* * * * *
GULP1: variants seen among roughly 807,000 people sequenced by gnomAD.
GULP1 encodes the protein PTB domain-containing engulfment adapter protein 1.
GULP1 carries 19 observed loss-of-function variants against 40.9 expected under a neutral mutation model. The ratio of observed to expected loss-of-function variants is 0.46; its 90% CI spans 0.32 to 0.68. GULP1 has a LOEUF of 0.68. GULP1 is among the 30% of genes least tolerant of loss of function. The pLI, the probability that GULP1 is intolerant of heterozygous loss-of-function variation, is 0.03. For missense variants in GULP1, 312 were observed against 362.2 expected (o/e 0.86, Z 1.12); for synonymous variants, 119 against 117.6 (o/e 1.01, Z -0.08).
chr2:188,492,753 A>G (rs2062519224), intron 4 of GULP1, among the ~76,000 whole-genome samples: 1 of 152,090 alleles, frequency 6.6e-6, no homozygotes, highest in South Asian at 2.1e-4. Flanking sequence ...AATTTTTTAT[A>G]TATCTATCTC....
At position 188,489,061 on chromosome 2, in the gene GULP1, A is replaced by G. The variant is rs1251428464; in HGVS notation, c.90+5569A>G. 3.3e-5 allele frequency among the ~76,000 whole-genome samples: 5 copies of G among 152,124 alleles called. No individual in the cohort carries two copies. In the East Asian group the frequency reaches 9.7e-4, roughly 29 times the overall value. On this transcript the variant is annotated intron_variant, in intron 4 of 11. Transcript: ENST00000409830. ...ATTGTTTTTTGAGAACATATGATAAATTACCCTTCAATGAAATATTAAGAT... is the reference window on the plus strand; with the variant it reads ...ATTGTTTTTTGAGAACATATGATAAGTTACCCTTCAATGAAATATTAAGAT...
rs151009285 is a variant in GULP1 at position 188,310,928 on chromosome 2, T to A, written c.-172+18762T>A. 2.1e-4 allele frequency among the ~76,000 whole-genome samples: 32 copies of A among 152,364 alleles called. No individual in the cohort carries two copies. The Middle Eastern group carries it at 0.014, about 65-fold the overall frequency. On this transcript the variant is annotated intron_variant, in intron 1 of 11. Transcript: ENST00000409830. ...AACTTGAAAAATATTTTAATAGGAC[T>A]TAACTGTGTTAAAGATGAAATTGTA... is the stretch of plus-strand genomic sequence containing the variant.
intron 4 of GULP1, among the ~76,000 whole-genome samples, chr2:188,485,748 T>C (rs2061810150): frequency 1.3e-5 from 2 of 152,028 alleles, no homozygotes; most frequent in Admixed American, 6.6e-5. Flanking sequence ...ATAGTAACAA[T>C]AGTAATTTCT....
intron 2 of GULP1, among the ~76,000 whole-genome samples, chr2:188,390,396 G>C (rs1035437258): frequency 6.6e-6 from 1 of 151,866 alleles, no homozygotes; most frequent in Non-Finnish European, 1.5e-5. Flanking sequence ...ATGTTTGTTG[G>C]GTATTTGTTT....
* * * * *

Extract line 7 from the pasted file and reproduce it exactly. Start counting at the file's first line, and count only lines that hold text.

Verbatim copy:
intron 4 of GULP1, among the ~76,000 whole-genome samples, chr2:188,485,748 T>C (rs2061810150): frequency 1.3e-5 from 2 of 152,028 alleles, no homozygotes; most frequent in Admixed American, 6.6e-5. Flanking sequence ...ATAGTAACAA[T>C]AGTAATTTCT....